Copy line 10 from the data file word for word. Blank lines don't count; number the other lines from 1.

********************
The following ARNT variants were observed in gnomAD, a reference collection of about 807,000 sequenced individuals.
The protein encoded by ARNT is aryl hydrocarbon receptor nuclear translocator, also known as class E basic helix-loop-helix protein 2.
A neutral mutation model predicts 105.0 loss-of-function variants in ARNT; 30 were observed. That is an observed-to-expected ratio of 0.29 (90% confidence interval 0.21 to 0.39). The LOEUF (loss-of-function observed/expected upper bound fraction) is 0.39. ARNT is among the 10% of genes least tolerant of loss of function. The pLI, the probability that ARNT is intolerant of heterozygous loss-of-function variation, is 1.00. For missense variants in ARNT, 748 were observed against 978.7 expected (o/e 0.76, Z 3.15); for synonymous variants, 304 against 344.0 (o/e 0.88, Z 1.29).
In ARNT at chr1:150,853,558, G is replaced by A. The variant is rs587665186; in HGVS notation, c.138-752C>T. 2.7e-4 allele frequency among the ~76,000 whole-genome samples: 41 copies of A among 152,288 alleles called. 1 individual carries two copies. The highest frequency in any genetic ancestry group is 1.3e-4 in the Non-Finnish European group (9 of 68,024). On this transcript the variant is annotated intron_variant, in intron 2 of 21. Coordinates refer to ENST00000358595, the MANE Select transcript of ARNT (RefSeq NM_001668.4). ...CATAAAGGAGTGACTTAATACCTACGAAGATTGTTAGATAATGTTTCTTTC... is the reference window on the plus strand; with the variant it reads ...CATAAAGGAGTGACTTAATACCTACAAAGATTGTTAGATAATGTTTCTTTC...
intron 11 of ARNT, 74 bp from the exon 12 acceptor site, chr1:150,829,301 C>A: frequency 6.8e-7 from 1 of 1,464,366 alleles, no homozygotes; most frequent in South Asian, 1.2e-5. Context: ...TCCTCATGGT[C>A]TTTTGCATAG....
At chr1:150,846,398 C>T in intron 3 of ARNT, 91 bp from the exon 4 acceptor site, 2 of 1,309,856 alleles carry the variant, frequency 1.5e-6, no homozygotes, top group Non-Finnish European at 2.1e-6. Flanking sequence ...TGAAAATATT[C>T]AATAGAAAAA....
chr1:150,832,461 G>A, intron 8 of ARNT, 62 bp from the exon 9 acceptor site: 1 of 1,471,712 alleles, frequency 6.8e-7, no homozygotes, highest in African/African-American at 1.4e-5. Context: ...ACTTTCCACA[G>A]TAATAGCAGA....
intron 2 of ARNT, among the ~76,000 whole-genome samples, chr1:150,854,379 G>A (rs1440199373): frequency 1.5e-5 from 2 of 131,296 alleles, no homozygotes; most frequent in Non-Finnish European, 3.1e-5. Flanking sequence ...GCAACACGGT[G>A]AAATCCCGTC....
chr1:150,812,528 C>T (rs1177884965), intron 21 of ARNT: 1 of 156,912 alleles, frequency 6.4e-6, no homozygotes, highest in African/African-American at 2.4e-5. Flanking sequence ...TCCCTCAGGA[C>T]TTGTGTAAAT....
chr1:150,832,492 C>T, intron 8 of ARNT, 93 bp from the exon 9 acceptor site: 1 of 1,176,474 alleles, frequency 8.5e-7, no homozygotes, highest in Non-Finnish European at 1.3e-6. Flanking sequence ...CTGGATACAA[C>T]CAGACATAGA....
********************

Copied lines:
chr1:150,832,492 C>T, intron 8 of ARNT, 93 bp from the exon 9 acceptor site: 1 of 1,176,474 alleles, frequency 8.5e-7, no homozygotes, highest in Non-Finnish European at 1.3e-6. Flanking sequence ...CTGGATACAA[C>T]CAGACATAGA....